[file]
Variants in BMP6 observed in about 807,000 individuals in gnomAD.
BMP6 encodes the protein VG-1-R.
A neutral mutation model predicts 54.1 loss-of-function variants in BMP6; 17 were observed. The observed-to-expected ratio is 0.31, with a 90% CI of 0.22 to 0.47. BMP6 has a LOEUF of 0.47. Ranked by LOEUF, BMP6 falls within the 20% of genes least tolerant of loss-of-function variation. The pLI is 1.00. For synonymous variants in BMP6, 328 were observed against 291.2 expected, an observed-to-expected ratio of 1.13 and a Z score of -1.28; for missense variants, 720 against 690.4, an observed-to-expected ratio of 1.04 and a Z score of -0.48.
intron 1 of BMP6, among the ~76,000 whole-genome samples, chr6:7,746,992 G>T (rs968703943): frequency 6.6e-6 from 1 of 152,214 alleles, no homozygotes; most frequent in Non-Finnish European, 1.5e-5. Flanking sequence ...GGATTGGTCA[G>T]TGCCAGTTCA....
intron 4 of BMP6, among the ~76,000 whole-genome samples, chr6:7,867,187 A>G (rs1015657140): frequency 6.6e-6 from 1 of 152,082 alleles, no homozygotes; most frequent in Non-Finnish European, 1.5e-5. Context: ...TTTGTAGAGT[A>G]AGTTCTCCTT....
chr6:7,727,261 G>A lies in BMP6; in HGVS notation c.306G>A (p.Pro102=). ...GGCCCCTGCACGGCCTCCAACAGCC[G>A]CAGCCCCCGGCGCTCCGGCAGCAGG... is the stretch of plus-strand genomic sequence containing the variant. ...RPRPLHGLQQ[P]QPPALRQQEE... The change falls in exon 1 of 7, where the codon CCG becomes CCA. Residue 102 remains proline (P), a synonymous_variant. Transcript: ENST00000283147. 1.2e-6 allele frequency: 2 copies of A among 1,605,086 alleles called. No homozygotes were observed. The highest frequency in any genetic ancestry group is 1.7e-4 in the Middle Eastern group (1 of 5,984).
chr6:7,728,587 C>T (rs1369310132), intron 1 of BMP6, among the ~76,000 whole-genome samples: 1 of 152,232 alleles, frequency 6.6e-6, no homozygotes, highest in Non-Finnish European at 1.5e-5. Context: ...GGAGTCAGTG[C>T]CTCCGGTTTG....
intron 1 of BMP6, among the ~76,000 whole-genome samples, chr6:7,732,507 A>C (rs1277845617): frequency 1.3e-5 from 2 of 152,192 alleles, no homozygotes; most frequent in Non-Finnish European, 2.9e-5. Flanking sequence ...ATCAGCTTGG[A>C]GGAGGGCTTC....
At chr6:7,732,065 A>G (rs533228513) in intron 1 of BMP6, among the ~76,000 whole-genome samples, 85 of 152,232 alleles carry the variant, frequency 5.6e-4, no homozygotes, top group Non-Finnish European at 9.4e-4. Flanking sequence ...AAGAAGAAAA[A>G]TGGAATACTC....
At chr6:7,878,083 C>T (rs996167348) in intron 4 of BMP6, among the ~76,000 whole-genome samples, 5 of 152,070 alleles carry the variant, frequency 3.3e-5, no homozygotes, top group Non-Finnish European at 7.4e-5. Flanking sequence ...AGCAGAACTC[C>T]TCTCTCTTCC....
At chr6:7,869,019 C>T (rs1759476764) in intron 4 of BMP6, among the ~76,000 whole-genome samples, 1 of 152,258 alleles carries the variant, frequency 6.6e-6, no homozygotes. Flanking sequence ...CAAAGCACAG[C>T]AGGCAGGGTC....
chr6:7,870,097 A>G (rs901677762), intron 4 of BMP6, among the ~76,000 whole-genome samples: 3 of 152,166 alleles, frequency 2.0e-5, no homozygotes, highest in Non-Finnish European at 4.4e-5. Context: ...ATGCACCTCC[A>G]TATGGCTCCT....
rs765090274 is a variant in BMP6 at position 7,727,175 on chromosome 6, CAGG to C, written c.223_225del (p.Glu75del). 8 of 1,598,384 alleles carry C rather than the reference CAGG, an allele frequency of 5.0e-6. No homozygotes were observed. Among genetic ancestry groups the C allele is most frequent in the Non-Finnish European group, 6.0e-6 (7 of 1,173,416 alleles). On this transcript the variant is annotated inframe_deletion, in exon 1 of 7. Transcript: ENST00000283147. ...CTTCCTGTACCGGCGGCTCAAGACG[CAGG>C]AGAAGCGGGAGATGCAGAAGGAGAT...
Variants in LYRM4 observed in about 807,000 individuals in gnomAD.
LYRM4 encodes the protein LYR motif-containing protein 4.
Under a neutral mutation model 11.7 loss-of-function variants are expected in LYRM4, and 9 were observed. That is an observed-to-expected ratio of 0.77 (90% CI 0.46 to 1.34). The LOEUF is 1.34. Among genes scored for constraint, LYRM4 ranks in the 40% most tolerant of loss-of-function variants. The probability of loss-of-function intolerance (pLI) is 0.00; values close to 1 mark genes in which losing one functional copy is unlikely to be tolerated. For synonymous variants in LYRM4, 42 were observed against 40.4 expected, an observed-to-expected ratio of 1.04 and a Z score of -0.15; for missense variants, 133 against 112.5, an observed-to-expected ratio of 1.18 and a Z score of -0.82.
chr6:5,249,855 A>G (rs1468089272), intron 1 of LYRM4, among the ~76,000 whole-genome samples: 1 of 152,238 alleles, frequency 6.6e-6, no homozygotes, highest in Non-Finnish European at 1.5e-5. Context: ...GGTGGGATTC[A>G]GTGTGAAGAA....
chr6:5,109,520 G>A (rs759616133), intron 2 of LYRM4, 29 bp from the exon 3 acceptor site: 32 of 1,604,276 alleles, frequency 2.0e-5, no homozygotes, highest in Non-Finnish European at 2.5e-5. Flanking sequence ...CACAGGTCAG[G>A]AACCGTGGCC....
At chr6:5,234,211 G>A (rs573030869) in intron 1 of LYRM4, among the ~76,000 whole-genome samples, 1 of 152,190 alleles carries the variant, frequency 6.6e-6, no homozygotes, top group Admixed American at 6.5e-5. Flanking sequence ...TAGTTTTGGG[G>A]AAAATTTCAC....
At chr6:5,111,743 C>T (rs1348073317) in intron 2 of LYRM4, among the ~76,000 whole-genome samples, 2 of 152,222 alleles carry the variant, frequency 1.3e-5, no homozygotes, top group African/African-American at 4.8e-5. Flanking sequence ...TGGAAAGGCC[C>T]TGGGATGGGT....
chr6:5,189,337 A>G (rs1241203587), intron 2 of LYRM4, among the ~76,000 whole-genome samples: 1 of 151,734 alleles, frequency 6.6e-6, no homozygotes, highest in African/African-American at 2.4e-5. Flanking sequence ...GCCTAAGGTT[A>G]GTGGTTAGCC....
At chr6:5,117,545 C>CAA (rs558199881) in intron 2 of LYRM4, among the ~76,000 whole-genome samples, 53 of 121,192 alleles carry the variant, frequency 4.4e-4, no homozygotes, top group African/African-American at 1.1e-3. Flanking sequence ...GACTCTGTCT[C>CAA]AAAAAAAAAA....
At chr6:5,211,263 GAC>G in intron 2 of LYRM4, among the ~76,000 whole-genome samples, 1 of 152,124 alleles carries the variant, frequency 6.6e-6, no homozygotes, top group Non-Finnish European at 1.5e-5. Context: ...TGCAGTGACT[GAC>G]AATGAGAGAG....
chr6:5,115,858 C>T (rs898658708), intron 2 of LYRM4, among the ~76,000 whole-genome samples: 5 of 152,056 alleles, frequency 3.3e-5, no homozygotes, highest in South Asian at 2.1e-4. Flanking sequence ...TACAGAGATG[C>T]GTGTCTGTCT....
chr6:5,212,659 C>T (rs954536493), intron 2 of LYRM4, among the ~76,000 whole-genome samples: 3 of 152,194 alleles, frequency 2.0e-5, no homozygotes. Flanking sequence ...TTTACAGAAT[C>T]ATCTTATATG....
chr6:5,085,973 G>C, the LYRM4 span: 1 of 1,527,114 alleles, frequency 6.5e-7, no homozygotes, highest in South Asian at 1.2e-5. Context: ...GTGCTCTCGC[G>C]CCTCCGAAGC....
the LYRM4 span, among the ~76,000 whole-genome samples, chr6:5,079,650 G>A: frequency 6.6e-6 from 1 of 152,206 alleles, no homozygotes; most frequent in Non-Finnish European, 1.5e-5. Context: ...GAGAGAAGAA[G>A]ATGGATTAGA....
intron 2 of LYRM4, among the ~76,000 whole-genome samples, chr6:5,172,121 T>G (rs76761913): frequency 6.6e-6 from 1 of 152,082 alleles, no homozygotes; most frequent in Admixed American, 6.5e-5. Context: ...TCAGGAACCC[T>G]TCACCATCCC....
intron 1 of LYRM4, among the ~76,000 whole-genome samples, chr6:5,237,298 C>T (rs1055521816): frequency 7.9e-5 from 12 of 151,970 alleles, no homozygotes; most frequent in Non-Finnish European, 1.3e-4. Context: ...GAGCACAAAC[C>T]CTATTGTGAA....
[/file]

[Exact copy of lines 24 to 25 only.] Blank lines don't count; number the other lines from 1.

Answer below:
chr6:5,115,858 C>T (rs898658708), intron 2 of LYRM4, among the ~76,000 whole-genome samples: 5 of 152,056 alleles, frequency 3.3e-5, no homozygotes, highest in South Asian at 2.1e-4. Flanking sequence ...TACAGAGATG[C>T]GTGTCTGTCT....
chr6:5,212,659 C>T (rs954536493), intron 2 of LYRM4, among the ~76,000 whole-genome samples: 3 of 152,194 alleles, frequency 2.0e-5, no homozygotes. Flanking sequence ...TTTACAGAAT[C>T]ATCTTATATG....